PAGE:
Parish Council & South West Water
10th May 2018
South West Water (SWW) Represented by:
Perry Hobbs – Head of Strategic Investment Planning Richard Behan – Flood Risk Manager
Ian McFerlane – Customer Services and Network Manager
Perranzabuloe Parish Council
(PC) Councillor Steve Arthur Councillor Karen Colam
Councillor William Rogers
Perranzabuloe Neighbourhood Plan (NDP)
The meeting had been arranged by William Rogers as a chance for both the PC and NDP understand more about the issues facing SWW to deliver its responsibilities for waste water collection and treatment. Whether the current infrastructure is sufficient, what improvements are necessary and whether there is capacity to collect and treat more particularly if there is to be more residential development in the parish.
All parties were aware of problems including flooding of Thywanhale Square and overloading of the pumping station on Station Road.
The PC and NDP explained that clean sea and stream water all year round is vital for safety and amenity of visitors and all year round residents alike. The local economy is largely built on tourism with the beach and water sport as the central theme. Many residents have chosen the area because of the landscape and lifestyle. Awareness to environmental issues is growing illustrated by the popular designation of the Perranporth as a plastic free zone.
SWW explained that responsibilities for the flooding management collection of foul and surface water are split between:
Environment Agency – Sea and rivers
Cornwall Council (highways) – Highways
SWW – Sewers, surface water from hardstanding within the curtilage of properties
Defra – A government regularity authority with responsibilities to monitor water and sea water quality including The Bathing Water Directive
Perranporth – Surface Water and sewerage drains to the pumping station on Station Road from where it is pumped to Droskyn, then to a treatment works at Cligga and with a discharge of treated water into the sea.
Goonhavern – Has its own treatment works and the treated water discharge goes into streams.
The historic network was built in the anticipation that rain water would dilute effluent before it being run into the sea. The Clean Sweep policy introduced 18 years ago has been built on the basis that raw waste should not enter the rivers or sea but be treated first.
Problems arise primarily because water enters the SWW system from surface run off such as highways (which could be discharged into streams and rivers – for example Station Road) and from historic mine shafts and addits (for example Thywanhale Square). These extraordinary loads stretch the pumping station in Perranporth beyond its capacity and can cause outflows of untreated effluent. SWW has permits for a limited number of Combined Sewage Outflows (CSOs) at designated points and has obligations to both report incidents to the Environment Agency and monitor water quality on a continuous basis.
For new development it is now theoretically required that surface water does not flow offsite into the sewerage system thereby reducing the volumes pumped to treatment works. The historic network remains though and Cornwall Council did not take the opportunity to rectify local problems on Station Road from highway run off when the Environment Agency undertook flood management works a few years ago. In terms of new developments, these often manage to present a case that allows them to not deal with surface water onsite, but discharge it into the existing system.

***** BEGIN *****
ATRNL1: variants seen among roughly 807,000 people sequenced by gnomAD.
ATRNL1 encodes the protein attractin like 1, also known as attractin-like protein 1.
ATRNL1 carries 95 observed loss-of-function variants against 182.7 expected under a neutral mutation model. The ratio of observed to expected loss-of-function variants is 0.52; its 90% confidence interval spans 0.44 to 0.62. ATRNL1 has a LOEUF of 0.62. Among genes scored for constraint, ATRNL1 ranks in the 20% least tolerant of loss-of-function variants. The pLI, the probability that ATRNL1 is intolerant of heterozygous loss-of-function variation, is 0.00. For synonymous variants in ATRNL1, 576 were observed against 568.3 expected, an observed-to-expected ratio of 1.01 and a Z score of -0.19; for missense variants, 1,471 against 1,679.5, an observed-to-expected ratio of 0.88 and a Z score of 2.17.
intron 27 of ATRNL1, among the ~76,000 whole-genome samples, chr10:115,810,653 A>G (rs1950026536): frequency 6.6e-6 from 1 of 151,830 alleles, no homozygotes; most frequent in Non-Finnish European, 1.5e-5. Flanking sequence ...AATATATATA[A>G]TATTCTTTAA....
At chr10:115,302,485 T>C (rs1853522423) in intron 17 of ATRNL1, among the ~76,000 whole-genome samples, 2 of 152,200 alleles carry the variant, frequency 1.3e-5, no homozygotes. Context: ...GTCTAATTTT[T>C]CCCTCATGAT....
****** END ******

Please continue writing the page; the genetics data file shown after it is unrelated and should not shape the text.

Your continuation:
Specific problems around Bolenna Park and Hendrawna Lane were discussed and SWW will investigate further.
The tankering of waste from Station Road to Droskyn over the recent winter had been as a response to the broken main between the two locations on St Georges Hill. This main has now been repaired.
SWW explained that are not a statutory consultee in the planning process. They are consulted but their views can be overruled. The grant of planning permission gives property owns the right to connect and SWW are obliged to provide service irrespective of whether their infrastructure is adequate.
All the respective agencies hold duty of care responsibilities and issues arising from the historic networks along the North Coast are well known. A long term Drainage and Waste Water Plan is being compiled and to cover a future 25 year period, however, this plan won’t be ready until 2022.
The PC and NDP expressed the view that a large, probably majority, proportion of residents would like to prevent further development because of inadequacies in the current infrastructure. SWW responded that in their experience using capacity problems to halt development rarely works in the long term. However they were keen to promote that the NDP include policies to tackle all drainage issues with future development targets to be linked to completed improvements.
In short the Perranporth pumping and treatment works could support future development IF there was proper separation of surface run off from household waste as could Goonhavern to a lessor extent but which benefits from an easier topography.
An example of a multi authority agreement known as Memorandum of Understanding (MOU) for Llanelli was discussed. Under this agreement developers are required to make provision for the removal of storm water from the system before new foul water is introduced. This model could be on a 1:1 or possibly a 2:1 ratio basis.
Funding for improvements works could come from the following sources:
Central Government – Flooding and Coastal Defence Projects Community Infrastructure Levy – Cornwall Council
Highways – Cornwall Council
SWW water to provide more information of the Llanelli MOU and to investigate further problems at Bolenna and Hendrawna
SWW to revert on why the spill alert system only works during the bathing season and not year round.
PC to discuss
NDP to develop draft policies for community feedback